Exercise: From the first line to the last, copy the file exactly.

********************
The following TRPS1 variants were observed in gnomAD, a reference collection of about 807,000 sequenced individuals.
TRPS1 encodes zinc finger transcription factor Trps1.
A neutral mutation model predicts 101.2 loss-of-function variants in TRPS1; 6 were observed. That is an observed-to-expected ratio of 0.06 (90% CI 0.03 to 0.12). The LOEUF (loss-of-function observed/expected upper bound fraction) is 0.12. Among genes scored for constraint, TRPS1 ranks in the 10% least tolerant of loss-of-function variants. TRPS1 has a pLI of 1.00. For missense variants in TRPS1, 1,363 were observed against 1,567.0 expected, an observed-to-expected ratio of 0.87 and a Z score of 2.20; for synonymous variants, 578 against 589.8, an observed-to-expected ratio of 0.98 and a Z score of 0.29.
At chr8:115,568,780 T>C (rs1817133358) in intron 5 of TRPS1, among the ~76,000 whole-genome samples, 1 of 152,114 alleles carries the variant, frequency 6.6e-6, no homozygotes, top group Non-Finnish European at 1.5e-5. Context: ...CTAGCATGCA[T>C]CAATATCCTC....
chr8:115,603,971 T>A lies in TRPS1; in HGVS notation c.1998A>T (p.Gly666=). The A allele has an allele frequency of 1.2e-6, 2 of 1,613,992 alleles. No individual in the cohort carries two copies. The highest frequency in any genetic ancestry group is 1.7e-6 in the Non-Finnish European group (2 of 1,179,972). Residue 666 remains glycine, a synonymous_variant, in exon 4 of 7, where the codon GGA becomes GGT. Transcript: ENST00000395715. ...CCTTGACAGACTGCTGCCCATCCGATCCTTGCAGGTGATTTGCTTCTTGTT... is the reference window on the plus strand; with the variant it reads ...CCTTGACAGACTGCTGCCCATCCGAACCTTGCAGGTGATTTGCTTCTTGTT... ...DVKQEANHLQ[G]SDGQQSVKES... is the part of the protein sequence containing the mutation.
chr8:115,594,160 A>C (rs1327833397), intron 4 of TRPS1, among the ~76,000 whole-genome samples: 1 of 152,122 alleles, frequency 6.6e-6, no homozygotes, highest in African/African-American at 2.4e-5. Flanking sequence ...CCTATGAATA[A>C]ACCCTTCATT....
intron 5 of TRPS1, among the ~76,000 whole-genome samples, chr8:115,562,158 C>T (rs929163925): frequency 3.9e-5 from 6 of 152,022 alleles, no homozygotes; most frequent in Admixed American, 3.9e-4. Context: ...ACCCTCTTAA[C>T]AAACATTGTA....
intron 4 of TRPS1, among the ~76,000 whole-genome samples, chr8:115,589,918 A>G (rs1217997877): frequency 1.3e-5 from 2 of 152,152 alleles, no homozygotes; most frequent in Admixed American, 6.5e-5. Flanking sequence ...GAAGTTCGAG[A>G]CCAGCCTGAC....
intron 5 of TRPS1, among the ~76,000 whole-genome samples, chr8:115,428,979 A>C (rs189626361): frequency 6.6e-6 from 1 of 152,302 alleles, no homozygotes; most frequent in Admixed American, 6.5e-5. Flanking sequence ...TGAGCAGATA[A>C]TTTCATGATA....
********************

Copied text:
The following TRPS1 variants were observed in gnomAD, a reference collection of about 807,000 sequenced individuals.
TRPS1 encodes zinc finger transcription factor Trps1.
A neutral mutation model predicts 101.2 loss-of-function variants in TRPS1; 6 were observed. That is an observed-to-expected ratio of 0.06 (90% CI 0.03 to 0.12). The LOEUF (loss-of-function observed/expected upper bound fraction) is 0.12. Among genes scored for constraint, TRPS1 ranks in the 10% least tolerant of loss-of-function variants. TRPS1 has a pLI of 1.00. For missense variants in TRPS1, 1,363 were observed against 1,567.0 expected, an observed-to-expected ratio of 0.87 and a Z score of 2.20; for synonymous variants, 578 against 589.8, an observed-to-expected ratio of 0.98 and a Z score of 0.29.
At chr8:115,568,780 T>C (rs1817133358) in intron 5 of TRPS1, among the ~76,000 whole-genome samples, 1 of 152,114 alleles carries the variant, frequency 6.6e-6, no homozygotes, top group Non-Finnish European at 1.5e-5. Context: ...CTAGCATGCA[T>C]CAATATCCTC....
chr8:115,603,971 T>A lies in TRPS1; in HGVS notation c.1998A>T (p.Gly666=). The A allele has an allele frequency of 1.2e-6, 2 of 1,613,992 alleles. No individual in the cohort carries two copies. The highest frequency in any genetic ancestry group is 1.7e-6 in the Non-Finnish European group (2 of 1,179,972). Residue 666 remains glycine, a synonymous_variant, in exon 4 of 7, where the codon GGA becomes GGT. Transcript: ENST00000395715. ...CCTTGACAGACTGCTGCCCATCCGATCCTTGCAGGTGATTTGCTTCTTGTT... is the reference window on the plus strand; with the variant it reads ...CCTTGACAGACTGCTGCCCATCCGAACCTTGCAGGTGATTTGCTTCTTGTT... ...DVKQEANHLQ[G]SDGQQSVKES... is the part of the protein sequence containing the mutation.
chr8:115,594,160 A>C (rs1327833397), intron 4 of TRPS1, among the ~76,000 whole-genome samples: 1 of 152,122 alleles, frequency 6.6e-6, no homozygotes, highest in African/African-American at 2.4e-5. Flanking sequence ...CCTATGAATA[A>C]ACCCTTCATT....
intron 5 of TRPS1, among the ~76,000 whole-genome samples, chr8:115,562,158 C>T (rs929163925): frequency 3.9e-5 from 6 of 152,022 alleles, no homozygotes; most frequent in Admixed American, 3.9e-4. Context: ...ACCCTCTTAA[C>T]AAACATTGTA....
intron 4 of TRPS1, among the ~76,000 whole-genome samples, chr8:115,589,918 A>G (rs1217997877): frequency 1.3e-5 from 2 of 152,152 alleles, no homozygotes; most frequent in Admixed American, 6.5e-5. Flanking sequence ...GAAGTTCGAG[A>G]CCAGCCTGAC....
intron 5 of TRPS1, among the ~76,000 whole-genome samples, chr8:115,428,979 A>C (rs189626361): frequency 6.6e-6 from 1 of 152,302 alleles, no homozygotes; most frequent in Admixed American, 6.5e-5. Flanking sequence ...TGAGCAGATA[A>C]TTTCATGATA....